[email protected]> feature:install odl–vtn-manager-rest
[email protected]> feature:install odl-mdsal-apidocs
[email protected]> feature:install odl–dlux-all
Feature installation may take some time to install. Once the installation is completed, you can check whether everything is working fine by using the below curl call.
$ curl -u admin:admin http://<ODL_IP>:8080/controller/nb/v2/neutron/networks
The response should be an empty network list if opendaylight is working properly.
Now, you should be able to log into the dlux interface on http://<ODL_IP>:8181/index.html
The default username and password are “admin/admin”.
Additionally, you could find the useful log details at the below location,
$ tail -f data/log/karaf.log
$ tail -f logs/web_access_log_2015-12.txt
Now, you are up with the working OpenDaylight-Boron setup. Congratulate yourself!
Let’s get into the Integration part.
Openstack Configuration for VTN Integration:
Erase all VMs, networks, routers and ports in the Controller Node
Since you already have the working OpenStack setup. You might test for VM provisioning as a sanity test, but before integrating the openstack with the OpenDaylight, you must clean up all the unwanted data from the openstack database. When using OpenDaylight as the Neutron back-end, ODL expects to be the only source for Open vSwitch configuration. Because of this, it is necessary to remove existing OpenStack and Open vSwitch settings to give OpenDaylight a clean slate.
Following steps will guide you through the cleaning process!
• Delete instances
$ nova list
$ nova delete <instance names>
• Remove link from subnets to routers
$ neutron subnet-list
$ neutron router-list
$ neutron router-port-list <router name>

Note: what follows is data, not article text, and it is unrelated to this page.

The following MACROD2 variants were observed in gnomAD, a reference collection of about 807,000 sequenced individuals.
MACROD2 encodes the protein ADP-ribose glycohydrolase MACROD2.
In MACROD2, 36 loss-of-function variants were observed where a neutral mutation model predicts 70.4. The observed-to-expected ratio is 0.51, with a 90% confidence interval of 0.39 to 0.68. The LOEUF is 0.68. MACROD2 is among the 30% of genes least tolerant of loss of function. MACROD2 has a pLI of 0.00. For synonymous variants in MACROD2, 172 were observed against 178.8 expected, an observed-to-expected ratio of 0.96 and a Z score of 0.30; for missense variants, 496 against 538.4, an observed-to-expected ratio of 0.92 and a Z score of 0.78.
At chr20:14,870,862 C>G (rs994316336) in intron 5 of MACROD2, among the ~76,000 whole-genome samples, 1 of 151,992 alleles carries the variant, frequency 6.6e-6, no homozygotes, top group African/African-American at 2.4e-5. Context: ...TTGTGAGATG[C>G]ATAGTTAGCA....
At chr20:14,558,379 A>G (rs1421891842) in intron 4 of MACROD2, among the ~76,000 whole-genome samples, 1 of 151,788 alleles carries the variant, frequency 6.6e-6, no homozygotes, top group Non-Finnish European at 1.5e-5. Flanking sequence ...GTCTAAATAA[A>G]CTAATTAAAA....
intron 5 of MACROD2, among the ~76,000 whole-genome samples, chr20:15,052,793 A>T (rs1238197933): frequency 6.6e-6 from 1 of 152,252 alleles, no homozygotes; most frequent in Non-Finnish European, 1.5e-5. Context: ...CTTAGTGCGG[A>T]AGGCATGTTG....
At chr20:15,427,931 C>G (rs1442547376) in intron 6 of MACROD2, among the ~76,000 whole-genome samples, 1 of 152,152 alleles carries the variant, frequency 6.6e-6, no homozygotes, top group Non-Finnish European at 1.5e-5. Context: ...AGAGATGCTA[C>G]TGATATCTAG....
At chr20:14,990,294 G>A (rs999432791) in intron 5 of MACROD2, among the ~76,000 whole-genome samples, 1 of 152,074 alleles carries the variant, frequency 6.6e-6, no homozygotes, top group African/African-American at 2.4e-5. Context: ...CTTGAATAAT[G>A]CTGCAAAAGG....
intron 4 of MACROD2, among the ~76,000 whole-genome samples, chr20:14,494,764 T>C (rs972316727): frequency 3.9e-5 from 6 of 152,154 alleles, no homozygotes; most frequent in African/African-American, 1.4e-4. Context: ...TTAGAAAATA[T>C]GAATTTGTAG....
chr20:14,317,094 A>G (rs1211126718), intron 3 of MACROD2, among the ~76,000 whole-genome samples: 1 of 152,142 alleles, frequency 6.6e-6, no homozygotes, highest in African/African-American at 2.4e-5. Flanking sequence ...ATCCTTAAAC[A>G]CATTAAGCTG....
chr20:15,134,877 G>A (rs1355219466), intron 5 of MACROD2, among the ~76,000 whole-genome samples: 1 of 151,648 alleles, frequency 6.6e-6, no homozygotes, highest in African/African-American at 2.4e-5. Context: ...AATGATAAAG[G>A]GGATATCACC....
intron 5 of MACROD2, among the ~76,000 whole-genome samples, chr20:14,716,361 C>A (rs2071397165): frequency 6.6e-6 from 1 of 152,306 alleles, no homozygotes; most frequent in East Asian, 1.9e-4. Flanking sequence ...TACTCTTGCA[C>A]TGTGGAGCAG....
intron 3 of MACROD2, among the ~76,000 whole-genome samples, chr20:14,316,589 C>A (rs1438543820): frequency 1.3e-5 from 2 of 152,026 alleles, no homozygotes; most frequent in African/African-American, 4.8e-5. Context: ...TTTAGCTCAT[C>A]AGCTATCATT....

$ neutron router-interface-delete <router name> <subnet ID or name>
• Delete subnets, nets, routers
$ neutron subnet-delete <subnet name>
$ neutron net-list
$ neutron net-delete <net name>
$ neutron router-delete <router name>
• Check that all ports have been cleared – at this point, this should be an empty list
$ neutron port-list
• Stop the neutron service
$ service neutron-server stop
While Neutron is managing the OVS instances on compute and control nodes, OpenDaylight and Neutron can be in conflict. To prevent issues, we turn off Neutron server on the network controller and Neutron’s Open vSwitch agents on all hosts.
Configure OpenvSwitches in Controller and Compute Nodes
The neutron plugin in every node must be removed because only OpenDaylight will be controlling the openvswitches. So, on each host, we will erase the pre-existing Open vSwitch config and set OpenDaylight to manage the openVswitch.
$ apt-get purge neutron-plugin-openvswitch-agent
$ service openvswitch-switch stop
$ rm –rf /var/log/openvswitch/*
$ rm –rf /etc/openvswitch/conf.db
$ service openvswitch-switch start
$ ovs-vsctl show
# The above command must return the empty set except OpenVswitch ID and it’s Version.
Connect Openswitch with OpenDaylight
Use the below command to make the opendaylight administrate the openvswitch.
$ ovs–vsctl set-manager tcp:<OPENDAYLIGHT MANAGEMENT IP>:6640
You can copy the OpenVswitch ID from the command “ovs–vsctl show”.
Execute the above command in all the node (controller & Compute nodes) to set the ODL as the manager for the openVswitch.
$ ovs-vsctl show
The above command will show that you are connected to the OpenDaylight server, and OpenDaylight will automatically create a br-int bridge.
[[email protected] ~]# ovs-vsctl show